Togo is the official mascot of the Iditarod Race.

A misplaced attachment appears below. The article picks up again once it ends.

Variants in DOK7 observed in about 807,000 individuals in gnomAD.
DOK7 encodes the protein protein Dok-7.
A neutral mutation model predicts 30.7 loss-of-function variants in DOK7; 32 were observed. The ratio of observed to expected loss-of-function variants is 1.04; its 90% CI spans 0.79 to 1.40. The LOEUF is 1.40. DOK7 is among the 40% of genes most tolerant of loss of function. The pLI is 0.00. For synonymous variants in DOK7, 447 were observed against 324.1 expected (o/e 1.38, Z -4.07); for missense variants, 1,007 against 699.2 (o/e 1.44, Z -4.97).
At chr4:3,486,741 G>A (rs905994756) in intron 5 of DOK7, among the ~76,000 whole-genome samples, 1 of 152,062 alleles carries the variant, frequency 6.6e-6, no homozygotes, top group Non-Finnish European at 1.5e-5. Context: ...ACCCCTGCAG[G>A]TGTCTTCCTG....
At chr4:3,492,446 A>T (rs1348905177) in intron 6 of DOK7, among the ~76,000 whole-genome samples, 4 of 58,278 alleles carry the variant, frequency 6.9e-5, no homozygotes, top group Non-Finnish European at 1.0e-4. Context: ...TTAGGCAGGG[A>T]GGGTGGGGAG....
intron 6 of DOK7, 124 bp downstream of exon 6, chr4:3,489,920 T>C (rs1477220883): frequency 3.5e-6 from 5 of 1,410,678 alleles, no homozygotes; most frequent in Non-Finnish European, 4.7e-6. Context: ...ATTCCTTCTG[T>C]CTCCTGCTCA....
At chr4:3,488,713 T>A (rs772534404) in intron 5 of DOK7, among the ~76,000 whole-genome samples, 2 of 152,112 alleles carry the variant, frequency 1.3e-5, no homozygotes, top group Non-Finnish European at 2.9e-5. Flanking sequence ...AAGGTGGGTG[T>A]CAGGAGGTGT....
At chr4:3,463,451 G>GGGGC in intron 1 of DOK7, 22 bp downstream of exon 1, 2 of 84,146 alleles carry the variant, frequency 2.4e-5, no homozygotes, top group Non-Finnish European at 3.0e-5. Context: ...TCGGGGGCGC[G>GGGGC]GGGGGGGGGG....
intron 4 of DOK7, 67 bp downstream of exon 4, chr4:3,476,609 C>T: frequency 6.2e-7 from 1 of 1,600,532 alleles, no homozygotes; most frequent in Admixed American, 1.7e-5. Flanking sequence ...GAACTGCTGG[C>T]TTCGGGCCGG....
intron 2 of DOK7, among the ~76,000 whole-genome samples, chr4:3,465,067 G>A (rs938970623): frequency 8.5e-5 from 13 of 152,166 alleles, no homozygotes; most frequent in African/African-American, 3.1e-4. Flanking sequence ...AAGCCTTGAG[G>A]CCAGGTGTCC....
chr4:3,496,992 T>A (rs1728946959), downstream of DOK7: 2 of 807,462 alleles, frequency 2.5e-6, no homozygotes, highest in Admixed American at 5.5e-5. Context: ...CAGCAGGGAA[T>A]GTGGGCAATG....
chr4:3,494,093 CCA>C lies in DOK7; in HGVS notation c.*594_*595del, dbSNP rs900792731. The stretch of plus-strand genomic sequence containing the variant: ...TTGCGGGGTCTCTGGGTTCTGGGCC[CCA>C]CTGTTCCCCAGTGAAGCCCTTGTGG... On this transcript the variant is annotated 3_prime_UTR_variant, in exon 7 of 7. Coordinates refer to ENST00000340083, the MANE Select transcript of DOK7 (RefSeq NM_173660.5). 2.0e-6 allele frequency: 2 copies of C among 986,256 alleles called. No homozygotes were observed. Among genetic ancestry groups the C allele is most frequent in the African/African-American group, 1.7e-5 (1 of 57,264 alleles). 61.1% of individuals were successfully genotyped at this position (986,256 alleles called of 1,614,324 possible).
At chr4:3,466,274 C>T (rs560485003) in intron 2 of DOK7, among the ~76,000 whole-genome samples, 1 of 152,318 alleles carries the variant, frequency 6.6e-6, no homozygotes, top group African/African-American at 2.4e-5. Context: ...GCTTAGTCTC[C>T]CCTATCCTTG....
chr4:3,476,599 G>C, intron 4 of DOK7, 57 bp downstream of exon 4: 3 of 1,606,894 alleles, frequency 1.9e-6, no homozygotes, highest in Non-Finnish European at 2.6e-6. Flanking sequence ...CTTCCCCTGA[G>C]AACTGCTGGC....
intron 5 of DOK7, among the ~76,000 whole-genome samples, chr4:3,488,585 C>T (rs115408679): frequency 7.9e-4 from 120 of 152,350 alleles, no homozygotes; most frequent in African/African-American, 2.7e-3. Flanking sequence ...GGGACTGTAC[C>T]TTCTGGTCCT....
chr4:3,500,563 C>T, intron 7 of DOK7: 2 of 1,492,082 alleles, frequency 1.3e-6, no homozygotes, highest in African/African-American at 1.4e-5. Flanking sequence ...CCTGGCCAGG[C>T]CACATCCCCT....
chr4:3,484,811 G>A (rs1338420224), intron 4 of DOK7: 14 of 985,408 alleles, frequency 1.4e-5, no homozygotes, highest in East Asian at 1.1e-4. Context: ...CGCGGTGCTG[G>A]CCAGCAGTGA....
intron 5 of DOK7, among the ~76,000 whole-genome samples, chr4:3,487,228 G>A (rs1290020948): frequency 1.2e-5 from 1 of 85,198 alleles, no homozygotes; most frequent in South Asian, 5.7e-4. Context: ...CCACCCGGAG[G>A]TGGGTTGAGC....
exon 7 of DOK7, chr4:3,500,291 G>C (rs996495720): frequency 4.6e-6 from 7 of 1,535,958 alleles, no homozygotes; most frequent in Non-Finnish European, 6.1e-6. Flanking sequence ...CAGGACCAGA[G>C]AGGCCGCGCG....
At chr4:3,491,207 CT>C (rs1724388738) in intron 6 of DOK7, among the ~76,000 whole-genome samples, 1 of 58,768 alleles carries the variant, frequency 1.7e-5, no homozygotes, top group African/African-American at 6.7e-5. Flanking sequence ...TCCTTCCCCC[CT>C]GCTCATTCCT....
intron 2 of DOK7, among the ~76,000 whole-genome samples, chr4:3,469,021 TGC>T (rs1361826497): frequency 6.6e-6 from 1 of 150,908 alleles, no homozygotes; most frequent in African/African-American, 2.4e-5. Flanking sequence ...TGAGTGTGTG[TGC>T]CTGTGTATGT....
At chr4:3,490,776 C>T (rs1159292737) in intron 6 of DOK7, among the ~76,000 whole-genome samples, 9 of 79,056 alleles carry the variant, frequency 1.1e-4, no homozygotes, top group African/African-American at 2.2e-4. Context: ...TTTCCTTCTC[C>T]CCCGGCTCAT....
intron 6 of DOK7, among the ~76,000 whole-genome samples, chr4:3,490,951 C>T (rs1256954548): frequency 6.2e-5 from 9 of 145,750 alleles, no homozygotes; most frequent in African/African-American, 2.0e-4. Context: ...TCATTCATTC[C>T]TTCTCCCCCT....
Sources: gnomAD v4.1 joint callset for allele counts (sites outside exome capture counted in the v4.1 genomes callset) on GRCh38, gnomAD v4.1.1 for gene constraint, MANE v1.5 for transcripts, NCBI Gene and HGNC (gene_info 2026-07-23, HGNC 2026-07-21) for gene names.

Most famous of the Serum Run was Balto and his musher Gunner. They were the ones that led the medicine into Nome. A little less known - but most heroic - of the story was Togo and Leonhard Seppala. Seppala was the most well known musher of his day - think of him as the Jeff King (considered the "Most winningest musher in history") of his day. He understood the urgency and need for the medication when several others thought more of their lives and their dogs. Seppala and his team, led by Togo, made most of the journey when several mushers backed out. About 80 miles out from Nome, Seppala could go no further. He and his team were exhausted. He had Gunner take a second string of dogs into the city with the medicine. Balto and Gunner weren't exactly rookies to the job, but they were virtual unknowns until their historic finish. They would overshadow Togo and Seppala in the history books, but Togo - not Balto - is the official mascot of the Iditarod Trail Sled Dog Race. Togo and Balto were both stuffed after death. Balto resides at the Smithsonian, while Togo stands proudly at the Iditarod Trail Sled Dog Race Headquarters in Wasilla. (By the way, Togo and Seppala not only ran the medicine towards Nome, they ran the trail to go meet up and get the medicine from the previous musher. Over 200 miles over some of the most difficult terrain.)